• The Rodale Institute roller-crimper appeared to function well; however, the thicker and taller the cover crops, the better was the percentage kill by the roller-crimper. Thus, high-biomass, dense residues are highly recommended.
  • In situations where herbicides are not used (e.g. organic farming), using the roller-crimper on high-biomass cover crops (e.g., rye and rye/hairy vetch) could be a valuable tool to improve percentage kill, weed suppression and effectiveness of direct seeding.
  • One-pass systems appear to be ideal when seeding large-seeded crops such as soybean in which seed germination and stand establishment are not severely affected by allelochemicals, pathogens and/or insect pests associated with the high-biomass, green-residue (same-day killed) cover crops.

MIDWEST

Iowa
Kathleen Delate, collaborator
Covers grew but did not die upon being rolled; drought daunted beans.

At the Neely-Kinyon Research and Demonstration Farm in Greenfield, Iowa, two treatments were planted, one consisting of a mix of winter wheat and winter pea, the other consisting of a mix of winter rye and hairy vetch. Both treatments were planted on September 12, 2005; the wheat and pea mix at 75 pounds/acre, and the rye and vetch mix at 96 pounds/acre (64 pounds/acre of the rye and 32 pound/acre of the vetch). As of October 13 (31 days after planting), the legumes in each treatment had an average of three inches of growth above ground. The cover crops were planted for three no-till crops: corn, soybeans and tomatoes.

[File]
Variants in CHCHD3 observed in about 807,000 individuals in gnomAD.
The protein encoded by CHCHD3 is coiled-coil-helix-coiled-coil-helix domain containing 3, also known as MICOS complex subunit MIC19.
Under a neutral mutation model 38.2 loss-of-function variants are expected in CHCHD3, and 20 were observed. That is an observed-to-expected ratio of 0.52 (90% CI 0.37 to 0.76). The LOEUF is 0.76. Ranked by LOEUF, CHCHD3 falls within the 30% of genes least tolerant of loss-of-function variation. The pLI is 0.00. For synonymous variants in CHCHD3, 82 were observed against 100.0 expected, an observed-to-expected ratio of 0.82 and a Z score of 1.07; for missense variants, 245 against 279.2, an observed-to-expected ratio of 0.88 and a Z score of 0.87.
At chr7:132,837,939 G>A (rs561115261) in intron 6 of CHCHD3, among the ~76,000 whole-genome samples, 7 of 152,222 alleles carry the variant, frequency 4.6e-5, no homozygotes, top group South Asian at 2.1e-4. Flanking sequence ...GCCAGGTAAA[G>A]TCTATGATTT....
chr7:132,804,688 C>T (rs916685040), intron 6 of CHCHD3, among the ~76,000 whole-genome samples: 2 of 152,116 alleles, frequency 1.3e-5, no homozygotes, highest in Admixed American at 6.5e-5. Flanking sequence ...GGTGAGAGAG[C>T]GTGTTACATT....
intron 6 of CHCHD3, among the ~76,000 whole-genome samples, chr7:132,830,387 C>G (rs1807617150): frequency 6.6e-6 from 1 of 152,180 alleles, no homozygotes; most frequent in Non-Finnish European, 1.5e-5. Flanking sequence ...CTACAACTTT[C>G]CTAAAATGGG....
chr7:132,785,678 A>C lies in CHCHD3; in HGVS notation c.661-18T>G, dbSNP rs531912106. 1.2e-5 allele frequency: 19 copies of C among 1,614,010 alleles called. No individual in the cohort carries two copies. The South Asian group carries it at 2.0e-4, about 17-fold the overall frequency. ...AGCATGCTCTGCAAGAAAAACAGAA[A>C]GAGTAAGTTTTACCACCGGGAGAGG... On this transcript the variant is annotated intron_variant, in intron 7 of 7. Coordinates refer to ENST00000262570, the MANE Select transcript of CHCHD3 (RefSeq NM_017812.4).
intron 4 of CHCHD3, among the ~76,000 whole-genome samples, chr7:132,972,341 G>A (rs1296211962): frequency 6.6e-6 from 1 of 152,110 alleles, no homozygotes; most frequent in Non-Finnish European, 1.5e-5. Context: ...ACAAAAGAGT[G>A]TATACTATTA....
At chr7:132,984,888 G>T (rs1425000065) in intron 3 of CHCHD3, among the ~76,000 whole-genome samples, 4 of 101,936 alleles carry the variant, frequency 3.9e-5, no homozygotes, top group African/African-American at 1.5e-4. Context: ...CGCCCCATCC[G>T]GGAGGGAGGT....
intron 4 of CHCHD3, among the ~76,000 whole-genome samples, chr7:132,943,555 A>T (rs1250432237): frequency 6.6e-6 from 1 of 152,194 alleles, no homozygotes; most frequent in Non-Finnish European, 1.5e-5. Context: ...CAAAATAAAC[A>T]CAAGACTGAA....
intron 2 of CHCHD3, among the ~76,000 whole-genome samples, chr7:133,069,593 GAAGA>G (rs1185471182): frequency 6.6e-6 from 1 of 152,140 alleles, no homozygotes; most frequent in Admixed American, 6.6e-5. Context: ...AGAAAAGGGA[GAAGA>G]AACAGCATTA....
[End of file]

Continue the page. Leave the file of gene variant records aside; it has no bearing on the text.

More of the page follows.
At the Rosmann Family Farm in Westphalia, Iowa (near Harlan in Southwest Iowa), the same treatments were planted on September 19, 2005, at 94 pounds/acre for the wheat and pea mix and 100 pounds/acre for the rye and vetch mix (at 60 pounds/acre and 40 pounds/acre, respectively).

There was a good stand of cover crops at both sites. Rolling and no-till drilling took place May 29 at the N-K Farm and June 2-3 on the Rosmann Farm. The rolling was conducted when small grains in the cover crops were in the dough stage—headed out but not fully developed, per instructions. The cover crop crushed down well enough but then proceeded to come back up into place, thus negating a "crushed" cover into which the corn and soybeans would be planted. The most unfortunate event that followed, however, was the lack of rain through June and July. The cover crop continued to grow, but the corn and soybeans did not. (The crop is not yet harvested, but the predicted yields are 15 bu/acre for soybeans and 80 bu/acre for corn.)

In order to salvage this experiment, irrigation was purchased for the no-till tomatoes and used when necessary. Roma tomato seedlings were planted on June 15 and compared with a conventional tilled plot. Harvests were heavy: five for each group. Data has not yet been analyzed but predictions are for excellent yields in all treatments. The hairy vetch continued to grow extensively in that treatment and was thus weeded and removed form the plots June 27.

An updated report will be filed when all crops are combined and yields analyzed. A field day was held August 23, where over 225 attendees viewed the organic no-till plots and discussed the project with cooperator.

Michigan
Dale Mutch, collaborator
“Excess biomass” leads to replanting of soybeans, but results were good